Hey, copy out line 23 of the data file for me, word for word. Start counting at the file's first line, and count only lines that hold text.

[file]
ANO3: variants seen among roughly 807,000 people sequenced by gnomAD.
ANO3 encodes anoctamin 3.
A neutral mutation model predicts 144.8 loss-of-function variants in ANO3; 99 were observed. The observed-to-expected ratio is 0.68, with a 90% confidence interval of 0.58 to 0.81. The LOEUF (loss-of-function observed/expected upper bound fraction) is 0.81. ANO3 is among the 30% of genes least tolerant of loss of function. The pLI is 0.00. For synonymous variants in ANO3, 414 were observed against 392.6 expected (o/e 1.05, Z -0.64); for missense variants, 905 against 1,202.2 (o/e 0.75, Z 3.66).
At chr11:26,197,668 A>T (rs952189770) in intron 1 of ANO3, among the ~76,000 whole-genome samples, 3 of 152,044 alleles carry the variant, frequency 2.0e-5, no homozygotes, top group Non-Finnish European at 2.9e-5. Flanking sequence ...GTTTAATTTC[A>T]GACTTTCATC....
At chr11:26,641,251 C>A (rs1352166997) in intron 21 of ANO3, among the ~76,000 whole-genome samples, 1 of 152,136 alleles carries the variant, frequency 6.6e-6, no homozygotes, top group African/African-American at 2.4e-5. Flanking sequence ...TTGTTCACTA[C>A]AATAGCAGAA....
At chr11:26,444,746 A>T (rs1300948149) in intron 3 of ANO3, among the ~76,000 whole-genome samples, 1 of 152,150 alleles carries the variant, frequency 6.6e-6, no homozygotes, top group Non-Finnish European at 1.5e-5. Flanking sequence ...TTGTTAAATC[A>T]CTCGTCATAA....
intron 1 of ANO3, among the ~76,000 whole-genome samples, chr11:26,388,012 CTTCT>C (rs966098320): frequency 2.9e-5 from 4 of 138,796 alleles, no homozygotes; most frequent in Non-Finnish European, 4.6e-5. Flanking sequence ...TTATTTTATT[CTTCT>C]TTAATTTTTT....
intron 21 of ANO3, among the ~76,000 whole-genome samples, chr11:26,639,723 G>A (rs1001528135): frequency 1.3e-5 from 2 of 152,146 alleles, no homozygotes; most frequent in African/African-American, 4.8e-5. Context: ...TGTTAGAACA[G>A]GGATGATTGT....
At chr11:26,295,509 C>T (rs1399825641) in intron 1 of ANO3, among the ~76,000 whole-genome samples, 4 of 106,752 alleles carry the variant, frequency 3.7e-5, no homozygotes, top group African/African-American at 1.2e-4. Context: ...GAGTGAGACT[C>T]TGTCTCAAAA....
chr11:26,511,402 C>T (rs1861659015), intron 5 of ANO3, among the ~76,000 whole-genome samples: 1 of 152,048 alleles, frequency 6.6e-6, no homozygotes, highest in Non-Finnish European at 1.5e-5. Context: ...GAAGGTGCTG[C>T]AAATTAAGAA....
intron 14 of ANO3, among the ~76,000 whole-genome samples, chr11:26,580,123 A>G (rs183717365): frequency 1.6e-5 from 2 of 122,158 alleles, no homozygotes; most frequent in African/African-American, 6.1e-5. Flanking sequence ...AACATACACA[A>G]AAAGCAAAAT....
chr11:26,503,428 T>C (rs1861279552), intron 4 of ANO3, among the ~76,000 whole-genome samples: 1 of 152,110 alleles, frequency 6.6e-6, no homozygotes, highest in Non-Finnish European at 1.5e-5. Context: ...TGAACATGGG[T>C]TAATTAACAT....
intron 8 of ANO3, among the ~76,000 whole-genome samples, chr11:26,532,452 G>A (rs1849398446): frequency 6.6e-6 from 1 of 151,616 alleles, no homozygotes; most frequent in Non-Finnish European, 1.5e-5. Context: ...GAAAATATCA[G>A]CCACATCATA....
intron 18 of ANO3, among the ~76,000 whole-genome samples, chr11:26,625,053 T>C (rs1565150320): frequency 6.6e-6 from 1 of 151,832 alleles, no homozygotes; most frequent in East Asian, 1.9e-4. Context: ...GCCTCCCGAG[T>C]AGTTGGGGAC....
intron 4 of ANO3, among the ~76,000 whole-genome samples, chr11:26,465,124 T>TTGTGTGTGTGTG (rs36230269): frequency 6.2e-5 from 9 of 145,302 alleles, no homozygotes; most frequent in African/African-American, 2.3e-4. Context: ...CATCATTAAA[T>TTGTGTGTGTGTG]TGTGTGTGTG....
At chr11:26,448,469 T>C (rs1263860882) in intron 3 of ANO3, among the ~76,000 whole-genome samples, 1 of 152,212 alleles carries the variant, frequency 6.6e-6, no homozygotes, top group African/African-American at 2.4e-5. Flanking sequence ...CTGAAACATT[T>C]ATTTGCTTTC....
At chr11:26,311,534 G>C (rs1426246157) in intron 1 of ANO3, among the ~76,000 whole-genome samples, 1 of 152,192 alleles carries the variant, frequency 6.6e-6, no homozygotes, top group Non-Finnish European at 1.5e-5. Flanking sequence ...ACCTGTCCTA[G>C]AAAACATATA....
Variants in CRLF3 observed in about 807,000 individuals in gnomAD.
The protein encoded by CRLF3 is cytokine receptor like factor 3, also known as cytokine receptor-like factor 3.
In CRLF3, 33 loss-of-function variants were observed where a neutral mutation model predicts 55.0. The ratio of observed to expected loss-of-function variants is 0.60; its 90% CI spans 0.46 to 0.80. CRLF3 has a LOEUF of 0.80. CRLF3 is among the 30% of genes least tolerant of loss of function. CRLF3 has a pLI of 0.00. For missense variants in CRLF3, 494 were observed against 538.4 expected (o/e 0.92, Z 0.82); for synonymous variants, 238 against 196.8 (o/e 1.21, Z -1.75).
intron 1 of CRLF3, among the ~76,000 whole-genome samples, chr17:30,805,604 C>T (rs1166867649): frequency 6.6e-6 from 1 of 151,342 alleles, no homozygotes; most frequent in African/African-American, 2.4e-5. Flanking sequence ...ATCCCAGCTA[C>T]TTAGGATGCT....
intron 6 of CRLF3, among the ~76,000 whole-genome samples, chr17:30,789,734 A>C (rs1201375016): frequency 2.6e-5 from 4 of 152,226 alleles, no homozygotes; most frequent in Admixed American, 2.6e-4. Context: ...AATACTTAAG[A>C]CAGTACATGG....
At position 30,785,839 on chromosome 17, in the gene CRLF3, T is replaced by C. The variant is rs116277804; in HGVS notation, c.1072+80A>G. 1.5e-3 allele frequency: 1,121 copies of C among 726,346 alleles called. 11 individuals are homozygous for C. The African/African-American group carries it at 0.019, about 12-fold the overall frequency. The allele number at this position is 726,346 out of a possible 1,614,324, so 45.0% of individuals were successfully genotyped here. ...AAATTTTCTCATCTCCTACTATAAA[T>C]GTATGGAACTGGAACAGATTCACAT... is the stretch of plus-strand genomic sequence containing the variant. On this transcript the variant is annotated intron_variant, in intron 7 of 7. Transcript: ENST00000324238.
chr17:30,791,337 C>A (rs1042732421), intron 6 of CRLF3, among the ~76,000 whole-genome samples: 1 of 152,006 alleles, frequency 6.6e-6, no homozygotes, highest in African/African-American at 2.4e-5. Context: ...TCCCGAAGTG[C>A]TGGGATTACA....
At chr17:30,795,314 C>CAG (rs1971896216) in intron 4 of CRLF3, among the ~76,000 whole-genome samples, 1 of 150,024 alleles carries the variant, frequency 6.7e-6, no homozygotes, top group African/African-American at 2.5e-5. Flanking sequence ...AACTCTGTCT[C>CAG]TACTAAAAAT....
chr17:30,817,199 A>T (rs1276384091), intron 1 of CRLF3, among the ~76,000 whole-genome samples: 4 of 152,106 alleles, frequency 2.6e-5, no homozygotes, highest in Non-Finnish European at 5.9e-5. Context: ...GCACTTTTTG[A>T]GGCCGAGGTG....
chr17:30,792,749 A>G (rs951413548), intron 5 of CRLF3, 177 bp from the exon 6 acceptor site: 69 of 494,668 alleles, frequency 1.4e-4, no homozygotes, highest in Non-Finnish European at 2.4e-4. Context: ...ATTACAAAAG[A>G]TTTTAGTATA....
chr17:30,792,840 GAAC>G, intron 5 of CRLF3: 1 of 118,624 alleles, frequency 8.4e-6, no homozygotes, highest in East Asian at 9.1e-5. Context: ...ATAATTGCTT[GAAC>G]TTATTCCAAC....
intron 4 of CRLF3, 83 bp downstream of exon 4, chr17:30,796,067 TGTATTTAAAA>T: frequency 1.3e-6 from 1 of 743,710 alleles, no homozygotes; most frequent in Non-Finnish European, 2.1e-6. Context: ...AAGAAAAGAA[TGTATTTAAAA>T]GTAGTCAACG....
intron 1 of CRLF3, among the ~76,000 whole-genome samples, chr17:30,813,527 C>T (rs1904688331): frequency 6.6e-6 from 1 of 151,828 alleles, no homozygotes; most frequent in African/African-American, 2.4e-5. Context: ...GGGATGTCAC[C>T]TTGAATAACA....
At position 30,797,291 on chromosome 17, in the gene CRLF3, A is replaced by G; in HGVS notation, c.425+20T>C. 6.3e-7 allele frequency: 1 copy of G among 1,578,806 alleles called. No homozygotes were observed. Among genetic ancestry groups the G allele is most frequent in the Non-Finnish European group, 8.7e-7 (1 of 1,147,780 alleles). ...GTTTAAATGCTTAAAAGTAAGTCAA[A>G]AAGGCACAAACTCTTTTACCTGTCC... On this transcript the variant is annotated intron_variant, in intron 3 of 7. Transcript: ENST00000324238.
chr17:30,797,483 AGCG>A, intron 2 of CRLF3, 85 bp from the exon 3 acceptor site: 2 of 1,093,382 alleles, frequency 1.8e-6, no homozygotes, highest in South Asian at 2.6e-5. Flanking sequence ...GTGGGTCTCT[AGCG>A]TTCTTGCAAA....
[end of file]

At position 30,785,839 on chromosome 17, in the gene CRLF3, T is replaced by C. The variant is rs116277804; in HGVS notation, c.1072+80A>G. 1.5e-3 allele frequency: 1,121 copies of C among 726,346 alleles called. 11 individuals are homozygous for C. The African/African-American group carries it at 0.019, about 12-fold the overall frequency. The allele number at this position is 726,346 out of a possible 1,614,324, so 45.0% of individuals were successfully genotyped here. ...AAATTTTCTCATCTCCTACTATAAA[T>C]GTATGGAACTGGAACAGATTCACAT... is the stretch of plus-strand genomic sequence containing the variant. On this transcript the variant is annotated intron_variant, in intron 7 of 7. Transcript: ENST00000324238.